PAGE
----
1. Link the Writer
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    Link the Writer Flipping Out For A Good Story. Contributor

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    Using "sighted" verbs for blind characters.

    Discussion in 'Character Development' started by Link the Writer, Nov 7, 2011.

    Been a while since I posted a question on here.

    I just realized something: Suppose I were writing from the perspective of a blind person (let's use Amos Garnier as an example), but from third-person.

    Now, suppose I want to describe that he's supposed to be facing something. But, wouldn't "facing" imply that he could see? For example,

    Amos sat opposite of Mr. Wilmer, keeping a cold expression at his direction.
    "Do you really think I believe that?" he said, squinting his eyes.

    Or let's suppose he's standing next to someone who's clearly taller than he is.

    Amos tilted his head up to Mr. Parrish.

    I guess my question is, would using "sighted" verbs like this confuse readers?
     
  2. minstrel
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    minstrel Leader of the Insquirrelgency Staff Supporter Contributor

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    I don't think these would confuse readers. I had a blind friend once who used to look up at tall people who were talking to him, face people who were talking to him, and so on. And when we would explain something to him, we'd freely say things like "See what I mean?" and he'd say "Yeah, I see." He didn't literally see, but everybody knows what we all mean. It's the language we all use, and he used it too. He didn't demand that we find blind ways of talking to him. He adapted to the sighted world instead.
     
  3. ChickenFreak
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    ChickenFreak Contributing Member Contributor

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    A face is a face, even if the eyes in that face don't function, so I don't see any problem at all with "facing". Plus, you face someone to hear them and speak to them as well as to see them. And I don't see the need for "at his direction"; I think the following would be less awkward:

    "Amos sat across from Mr. Wilmer, facing him with a cold expression."
     
  4. Jhunter
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    Jhunter Mmm, bacon. Contributor

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    I agree with both minstrel and Chicken.

    I am curious though, since this is third person, cant you say whatever you want to describe the scene without it contradicting the blindness? Since it isn't first person? Also, since it is third person, doesn't the reader already expect you to describe what is happening in the scene the best way possible and not with the (for lack of a better word) "crutch" of blindness?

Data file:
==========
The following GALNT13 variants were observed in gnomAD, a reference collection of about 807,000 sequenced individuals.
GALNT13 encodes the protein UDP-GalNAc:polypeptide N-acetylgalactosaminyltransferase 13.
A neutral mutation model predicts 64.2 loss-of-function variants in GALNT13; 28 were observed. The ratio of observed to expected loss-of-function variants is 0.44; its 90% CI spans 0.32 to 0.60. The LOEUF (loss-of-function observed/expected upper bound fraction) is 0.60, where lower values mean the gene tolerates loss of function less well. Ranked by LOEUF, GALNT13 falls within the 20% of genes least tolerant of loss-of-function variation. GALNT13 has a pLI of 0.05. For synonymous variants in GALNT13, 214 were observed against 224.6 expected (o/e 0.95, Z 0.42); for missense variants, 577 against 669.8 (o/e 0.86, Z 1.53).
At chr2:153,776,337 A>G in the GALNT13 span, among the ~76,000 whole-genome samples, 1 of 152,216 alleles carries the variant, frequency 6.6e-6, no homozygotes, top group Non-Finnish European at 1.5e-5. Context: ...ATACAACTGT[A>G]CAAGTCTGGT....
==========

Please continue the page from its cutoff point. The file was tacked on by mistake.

5. Jhunter
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    Jhunter Mmm, bacon. Contributor

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    Double post.
     
  6. Link the Writer
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    Link the Writer Flipping Out For A Good Story. Contributor

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    That's what I had in mind. Since we're in third-person, we're able to "see" what's around us even though Amos can't.

    I'm just considering this because I tried writing Amos in the first person perspective, but I realized I wanted the readers to be able to see what the other characters were doing and the world around Amos. He's still the narrator, mind you, just in third person.
     
  7. mammamaia
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    mammamaia nit-picker-in-chief Contributor

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    are you writing it from a 'third person limited' pov, such as hemingway did in his 'old man and the sea'?

    if so, how can anything/anyone be seen, since the narrator is blind?... hemingway also did this in 'for whom the bell tolls'... but you still can only write of what your narrator experiences/hears/feels, etc., can't include anyone else's thoughts/feelings, or anything that happens outside of the narrator's purview...
     
  8. arron89
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    arron89 Banned

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    In third person, the narrated character is, by definition, not the narrator. How closely you decide to have your narration parallel the experience of the narrated character is entirely up to you, and not subject to any kind of formalised rules.
     
  9. minstrel
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    minstrel Leader of the Insquirrelgency Staff Supporter Contributor

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    While Hemingway kept close to his Robert Jordan character throughout most of For Whom the Bell Tolls, he let his POV roam a little. There are scenes from the old man Anselmo, and a sequence from the gypsy whose name I forget. There were even a few paragraphs in that novel that he narrates from the POV of a horse!
     
  10. Makeshift
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    Makeshift Active Member